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Medicaid could be in line for a makeover. The government program provides health insurance for more than 70 million Americans, most of them poor. As NPR's Scott Horsley reports, President-elect Trump's choice to lead the program wants to weave more personal responsibility into the social safety net.
SCOTT HORSLEY, BYLINE: Seema Verma, who Donald Trump has tapped to oversee Medicaid and Medicare, is the architect behind an ambitious experiment to reshape health care for the poor in Indiana. That state agreed to offer Medicaid to more people but only if recipients were required to pay at least a little bit for their own coverage.
Verma crafted the so-called Healthy Indiana Plan as a consultant to Governor and Vice President-elect Mike Pence. She's also been an adviser to other red states looking to adopt the Indiana model.
JOAN ALKER: She's certainly been a thought leader in the last few years for Republican states on the direction they'd like to see the Medicaid program go in.
HORSLEY: Joan Alker studies Medicaid as head of the Georgetown University Center for Children and Families. She says the philosophy behind the Indiana Plan is that Medicaid recipients will make better decisions about health care if some of their own money is at stake. Alker herself is skeptical of how that might work on a national level.
ALKER: We can expect to see some far-reaching changes contemplated for Medicaid that will erect many more barriers to coverage and, in some cases, very punitive barriers.
HORSLEY: Indiana health care advocate Susan Jo Thomas had some of those same concerns, but she agreed to go along with Verma's plan knowing it was the only way policymakers in conservative Indiana would agree to expand Medicaid to cover more people.
SUSAN JO THOMAS: What I have come to understand is that three quarters of a loaf of bread is still pretty good (laughter) if you're hungry.
HORSLEY: And Thomas, who heads a group called Covering Kids and Families of Indiana, has been pleasantly surprised by the results. Hundreds of thousands of Hoosiers signed up for expanded Medicaid coverage. The modest premiums recipients are required to pay go into a savings account which is supplemented by the government to be used for medical expenses.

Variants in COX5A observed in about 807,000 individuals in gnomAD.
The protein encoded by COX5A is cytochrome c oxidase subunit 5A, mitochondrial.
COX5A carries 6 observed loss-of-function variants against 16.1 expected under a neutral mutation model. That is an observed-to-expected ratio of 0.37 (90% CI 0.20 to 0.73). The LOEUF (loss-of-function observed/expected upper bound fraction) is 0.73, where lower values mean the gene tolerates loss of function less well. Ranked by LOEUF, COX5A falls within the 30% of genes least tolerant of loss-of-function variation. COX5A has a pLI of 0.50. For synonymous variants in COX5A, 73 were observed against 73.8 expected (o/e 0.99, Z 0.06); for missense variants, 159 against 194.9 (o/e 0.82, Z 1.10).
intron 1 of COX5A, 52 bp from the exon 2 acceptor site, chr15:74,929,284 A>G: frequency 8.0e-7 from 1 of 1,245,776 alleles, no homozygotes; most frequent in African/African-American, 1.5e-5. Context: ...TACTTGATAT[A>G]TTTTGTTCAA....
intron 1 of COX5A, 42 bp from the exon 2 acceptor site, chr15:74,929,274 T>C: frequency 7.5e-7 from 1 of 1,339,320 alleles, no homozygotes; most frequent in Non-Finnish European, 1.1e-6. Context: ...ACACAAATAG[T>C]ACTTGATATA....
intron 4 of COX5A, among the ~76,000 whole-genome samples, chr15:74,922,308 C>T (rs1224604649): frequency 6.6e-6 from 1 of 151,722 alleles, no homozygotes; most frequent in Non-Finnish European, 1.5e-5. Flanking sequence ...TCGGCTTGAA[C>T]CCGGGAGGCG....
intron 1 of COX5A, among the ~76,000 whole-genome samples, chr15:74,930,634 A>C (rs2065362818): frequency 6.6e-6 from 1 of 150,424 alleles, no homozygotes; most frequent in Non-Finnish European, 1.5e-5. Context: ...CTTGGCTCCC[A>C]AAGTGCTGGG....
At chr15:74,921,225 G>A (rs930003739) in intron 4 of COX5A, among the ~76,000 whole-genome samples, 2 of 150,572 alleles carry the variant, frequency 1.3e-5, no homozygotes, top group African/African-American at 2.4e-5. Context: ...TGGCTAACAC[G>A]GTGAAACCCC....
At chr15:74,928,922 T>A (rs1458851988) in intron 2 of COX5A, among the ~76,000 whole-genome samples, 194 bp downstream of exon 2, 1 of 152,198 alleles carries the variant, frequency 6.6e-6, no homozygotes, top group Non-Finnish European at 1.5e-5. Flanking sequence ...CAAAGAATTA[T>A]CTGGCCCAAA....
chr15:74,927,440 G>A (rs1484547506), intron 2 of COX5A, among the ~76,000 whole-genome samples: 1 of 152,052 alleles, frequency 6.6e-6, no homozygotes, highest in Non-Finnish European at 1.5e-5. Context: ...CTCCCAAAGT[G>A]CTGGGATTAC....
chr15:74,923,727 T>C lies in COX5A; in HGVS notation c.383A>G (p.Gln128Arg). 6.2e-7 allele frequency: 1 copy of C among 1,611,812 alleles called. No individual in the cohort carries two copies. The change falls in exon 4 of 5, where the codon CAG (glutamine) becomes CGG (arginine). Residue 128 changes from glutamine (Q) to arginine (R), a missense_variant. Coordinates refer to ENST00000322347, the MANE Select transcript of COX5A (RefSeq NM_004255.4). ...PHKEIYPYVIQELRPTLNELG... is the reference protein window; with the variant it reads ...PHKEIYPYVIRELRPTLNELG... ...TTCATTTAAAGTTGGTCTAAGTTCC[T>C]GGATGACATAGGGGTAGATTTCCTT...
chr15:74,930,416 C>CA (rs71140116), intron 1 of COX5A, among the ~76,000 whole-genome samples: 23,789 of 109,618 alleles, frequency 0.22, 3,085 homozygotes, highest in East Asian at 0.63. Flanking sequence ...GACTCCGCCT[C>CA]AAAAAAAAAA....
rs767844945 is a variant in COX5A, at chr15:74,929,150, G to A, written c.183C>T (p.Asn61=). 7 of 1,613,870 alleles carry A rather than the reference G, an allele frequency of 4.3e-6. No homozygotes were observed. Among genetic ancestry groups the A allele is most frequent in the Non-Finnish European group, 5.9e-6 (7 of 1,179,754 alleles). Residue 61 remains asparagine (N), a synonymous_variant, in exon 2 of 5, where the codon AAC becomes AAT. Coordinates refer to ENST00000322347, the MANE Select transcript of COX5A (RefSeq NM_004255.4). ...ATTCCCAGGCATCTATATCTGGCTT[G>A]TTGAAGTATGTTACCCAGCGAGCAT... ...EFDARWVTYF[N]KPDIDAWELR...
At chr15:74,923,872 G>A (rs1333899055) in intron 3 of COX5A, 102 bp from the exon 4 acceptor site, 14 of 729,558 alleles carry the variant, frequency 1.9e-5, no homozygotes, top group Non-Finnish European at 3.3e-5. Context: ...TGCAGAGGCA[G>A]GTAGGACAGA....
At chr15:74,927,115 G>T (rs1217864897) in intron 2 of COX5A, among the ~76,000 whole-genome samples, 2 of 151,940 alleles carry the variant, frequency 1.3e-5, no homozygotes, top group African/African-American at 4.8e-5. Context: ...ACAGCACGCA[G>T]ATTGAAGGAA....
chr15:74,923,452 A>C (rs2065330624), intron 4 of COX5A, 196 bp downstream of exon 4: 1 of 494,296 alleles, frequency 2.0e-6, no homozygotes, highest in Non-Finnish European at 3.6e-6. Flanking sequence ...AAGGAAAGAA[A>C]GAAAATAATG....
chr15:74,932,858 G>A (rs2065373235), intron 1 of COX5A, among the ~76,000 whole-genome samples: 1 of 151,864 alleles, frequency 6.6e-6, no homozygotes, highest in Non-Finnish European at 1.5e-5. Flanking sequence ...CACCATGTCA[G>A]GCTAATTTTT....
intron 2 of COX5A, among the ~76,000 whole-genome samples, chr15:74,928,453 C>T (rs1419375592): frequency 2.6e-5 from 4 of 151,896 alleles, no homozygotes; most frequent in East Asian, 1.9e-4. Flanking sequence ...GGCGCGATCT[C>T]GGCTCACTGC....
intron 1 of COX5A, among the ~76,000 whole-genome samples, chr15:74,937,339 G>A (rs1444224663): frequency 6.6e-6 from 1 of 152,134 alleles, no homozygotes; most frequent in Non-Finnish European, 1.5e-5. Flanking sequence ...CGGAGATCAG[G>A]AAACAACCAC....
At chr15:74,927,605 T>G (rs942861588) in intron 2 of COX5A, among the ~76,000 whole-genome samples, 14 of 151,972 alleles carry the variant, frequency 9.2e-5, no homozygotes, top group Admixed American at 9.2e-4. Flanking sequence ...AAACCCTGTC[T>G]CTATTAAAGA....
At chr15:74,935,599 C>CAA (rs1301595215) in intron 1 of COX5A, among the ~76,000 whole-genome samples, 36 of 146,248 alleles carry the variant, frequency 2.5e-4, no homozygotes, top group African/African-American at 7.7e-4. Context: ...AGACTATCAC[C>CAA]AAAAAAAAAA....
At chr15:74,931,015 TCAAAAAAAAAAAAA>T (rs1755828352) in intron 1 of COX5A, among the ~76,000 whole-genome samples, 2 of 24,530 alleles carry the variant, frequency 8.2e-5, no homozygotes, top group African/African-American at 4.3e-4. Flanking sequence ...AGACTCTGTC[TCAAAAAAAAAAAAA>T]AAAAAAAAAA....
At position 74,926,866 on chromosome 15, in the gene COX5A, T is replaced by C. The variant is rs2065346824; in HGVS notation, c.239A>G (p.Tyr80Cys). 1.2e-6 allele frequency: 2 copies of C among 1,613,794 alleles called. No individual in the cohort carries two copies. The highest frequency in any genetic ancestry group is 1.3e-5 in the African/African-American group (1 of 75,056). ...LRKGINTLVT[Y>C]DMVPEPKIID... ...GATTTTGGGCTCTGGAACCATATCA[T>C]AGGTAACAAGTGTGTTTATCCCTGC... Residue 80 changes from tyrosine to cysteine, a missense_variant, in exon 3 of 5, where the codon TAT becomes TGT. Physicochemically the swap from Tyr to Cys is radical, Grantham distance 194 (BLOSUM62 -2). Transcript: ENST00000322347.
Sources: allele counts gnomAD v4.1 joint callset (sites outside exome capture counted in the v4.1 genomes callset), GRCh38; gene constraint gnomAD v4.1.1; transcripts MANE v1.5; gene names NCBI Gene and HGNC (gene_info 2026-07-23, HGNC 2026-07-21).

There are penalties for recipients who overuse costly care in the emergency room and incentives to promote preventive care and other healthy choices. Thomas says any improvement would be welcome.
THOMAS: We rank in the bottom third of everything - everything that's good (laughter) - and in the top third of everything that's bad. If you're fat and you smoke, you probably live in Indiana.
HORSLEY: It's too soon to say whether the Indiana model improves health outcomes or saves money for the government. But as Medicaid overseer in the Trump administration, Verma will be in a position to promote similar experiments around the country. Thomas, who's known Verma for more than 20 years, thinks she'll approach that job without any rigid ideology.
THOMAS: Whatever she proposes will be a practical program. That I can say with a hundred percent. It's sort of an Indiana thing. She's not a native Hoosier, but she's been here long enough that's she's starting to think like us.
HORSLEY: Joseph Antos of the conservative American Enterprise Institute says Verma's efforts to reshape Medicaid are just part of what's likely to be a larger Republican push to shrink the federal government's role in health care while also trying to introduce more market mechanisms.
JOSEPH ANTOS: For the last six or seven years, Republicans have been talking a pretty good game about conservative-oriented health reform. Now Republicans are in charge. Now they actually have to follow through. It'll be interesting to see how that works out.
HORSLEY: There are likely to be some big fights with Democrats and even among Republicans. Georgia Congressman Tom Price, who Trump has picked as his new health secretary, wants to eliminate the Affordable Care Act's Medicaid expansion. That would strip away the money that paid for Indiana's Medicaid experiment. Scott Horsley, NPR News.
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